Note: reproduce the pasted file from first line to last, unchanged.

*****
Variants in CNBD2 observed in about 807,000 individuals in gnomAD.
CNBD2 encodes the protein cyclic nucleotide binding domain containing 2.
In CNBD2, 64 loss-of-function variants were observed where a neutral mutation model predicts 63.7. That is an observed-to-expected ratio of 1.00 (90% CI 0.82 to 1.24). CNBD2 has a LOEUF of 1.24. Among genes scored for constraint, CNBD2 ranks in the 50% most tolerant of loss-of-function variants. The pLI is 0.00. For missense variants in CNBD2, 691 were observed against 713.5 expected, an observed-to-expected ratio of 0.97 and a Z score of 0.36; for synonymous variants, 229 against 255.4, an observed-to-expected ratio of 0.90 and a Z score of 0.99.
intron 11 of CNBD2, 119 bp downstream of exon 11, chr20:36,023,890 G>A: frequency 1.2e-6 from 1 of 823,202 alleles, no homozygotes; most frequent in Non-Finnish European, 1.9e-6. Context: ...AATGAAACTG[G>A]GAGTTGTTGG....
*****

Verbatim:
Variants in CNBD2 observed in about 807,000 individuals in gnomAD.
CNBD2 encodes the protein cyclic nucleotide binding domain containing 2.
In CNBD2, 64 loss-of-function variants were observed where a neutral mutation model predicts 63.7. That is an observed-to-expected ratio of 1.00 (90% CI 0.82 to 1.24). CNBD2 has a LOEUF of 1.24. Among genes scored for constraint, CNBD2 ranks in the 50% most tolerant of loss-of-function variants. The pLI is 0.00. For missense variants in CNBD2, 691 were observed against 713.5 expected, an observed-to-expected ratio of 0.97 and a Z score of 0.36; for synonymous variants, 229 against 255.4, an observed-to-expected ratio of 0.90 and a Z score of 0.99.
intron 11 of CNBD2, 119 bp downstream of exon 11, chr20:36,023,890 G>A: frequency 1.2e-6 from 1 of 823,202 alleles, no homozygotes; most frequent in Non-Finnish European, 1.9e-6. Context: ...AATGAAACTG[G>A]GAGTTGTTGG....